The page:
Hampson Industries is becoming a convincing, albeit relatively small player in the aerospace components market, having just secured a new FTSE listing in the `aerospace and defence’ category.
The move follows a determined series of acquisitions in the sector. The Hampson Group now has ten aerospace businesses, making up nearly half of its £143m turnover and nearly 75% of the operating profit in the last full year.
The fast development in this area has been achieved by a series of cash acquisitions, stretching Hampson’s gearing to well over 100%, though the interest payments remain securely covered.
The determination with which the group has moved into this field shows a marked confidence in the sector’s prospects – in contrast to some of the downbeat predictions made at last month’s Paris Air Show.
`There are a lot of myths circulating in the industry,’ says Hampson chief executive Chris Davies. `Many people have become preoccupied with the problems at Boeing, and with the slump in demand in the Far East for planes with more than 400 seats. It is true that Boeing is peaking, and is predicting a 30%-40% decline over the next four years. People see that as the headline and then assume that companies like Hampson must suffer.’
But Hampson, like many other UK aerospace suppliers, has a trump card: Rolls-Royce is one of its customers, and Rolls-Royce is continuing to take an increasing share both within Boeing and Airbus. The number of Boeing planes with Rolls-Royce aero engines is forecast to remain constant, despite the overall decline in aircraft production forecast. Similarly, despite Airbus’s prediction that its production will stay more or less at 1999 rates for the next four years, Rolls-Royce’s business with Airbus is set to grow.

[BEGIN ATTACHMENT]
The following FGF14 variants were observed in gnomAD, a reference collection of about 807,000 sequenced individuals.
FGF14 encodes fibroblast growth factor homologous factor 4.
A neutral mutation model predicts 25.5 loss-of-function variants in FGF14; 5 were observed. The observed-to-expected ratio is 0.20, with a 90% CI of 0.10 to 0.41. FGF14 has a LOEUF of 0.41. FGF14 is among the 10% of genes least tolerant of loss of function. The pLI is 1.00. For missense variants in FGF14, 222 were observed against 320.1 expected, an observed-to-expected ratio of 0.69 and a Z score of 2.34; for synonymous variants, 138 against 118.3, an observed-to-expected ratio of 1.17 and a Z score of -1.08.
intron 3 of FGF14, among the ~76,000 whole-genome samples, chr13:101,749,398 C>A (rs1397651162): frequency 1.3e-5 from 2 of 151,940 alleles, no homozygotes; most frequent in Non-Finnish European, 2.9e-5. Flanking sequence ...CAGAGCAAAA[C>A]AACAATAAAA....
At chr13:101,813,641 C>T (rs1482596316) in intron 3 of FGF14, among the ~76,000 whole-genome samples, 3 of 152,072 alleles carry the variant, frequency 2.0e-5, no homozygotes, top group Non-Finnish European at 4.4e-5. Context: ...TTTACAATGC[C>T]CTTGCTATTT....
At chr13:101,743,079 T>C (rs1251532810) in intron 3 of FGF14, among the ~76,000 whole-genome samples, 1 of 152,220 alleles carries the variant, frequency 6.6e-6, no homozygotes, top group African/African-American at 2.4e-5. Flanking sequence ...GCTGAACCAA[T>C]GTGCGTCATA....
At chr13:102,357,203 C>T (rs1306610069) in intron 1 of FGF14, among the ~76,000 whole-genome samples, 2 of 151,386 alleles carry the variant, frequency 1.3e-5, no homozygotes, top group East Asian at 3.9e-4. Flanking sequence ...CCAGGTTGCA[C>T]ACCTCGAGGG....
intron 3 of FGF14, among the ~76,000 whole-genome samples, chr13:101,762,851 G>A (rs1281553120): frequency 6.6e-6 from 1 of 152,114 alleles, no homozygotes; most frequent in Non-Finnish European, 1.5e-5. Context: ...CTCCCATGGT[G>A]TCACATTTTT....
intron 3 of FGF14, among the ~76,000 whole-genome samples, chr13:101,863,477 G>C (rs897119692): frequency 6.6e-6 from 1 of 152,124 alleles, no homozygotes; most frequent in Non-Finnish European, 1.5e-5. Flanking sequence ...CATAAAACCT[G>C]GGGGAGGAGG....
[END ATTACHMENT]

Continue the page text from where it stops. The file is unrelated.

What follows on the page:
Hampson’s own product mix, with 50% of its aerospace production related to engine components, looks set to benefit from these moves. There is nothing clever about this, Davies says: `The market is so focussed, you really do have to be a mug at marketing to get this wrong.’
Other Hampson aerospace customers include British Aerospace, the BMW-Rolls-Royce joint venture for business jet engines, GKN Westland and Bombardier Aerospace.
Hampson’s prospects for further growth depend on more favourable market sentiment to boost its share price. `People have yet to recognise the huge switch we have made from general engineer to a focussed aerospace engineer,’ Davies says.
The group is already eyeing up potential further targets in the US, but is reluctant to push the gearing up further to fund this. Its metals business, which turned over £44m last year with a small £1.35m profit, looks like the only remaining part of Hampson that could be disposed of – a prospect that Davies describes as no more than `a possibility’.
The third part of the business, precision engineering, has seen a slump in operating profit of more than 20% last year. Hampson nonetheless seems reluctant to cast it aside.
Airbus’s continuing demand for Rolls-Royce Trent engines is good news for Rolls supplier Hampson
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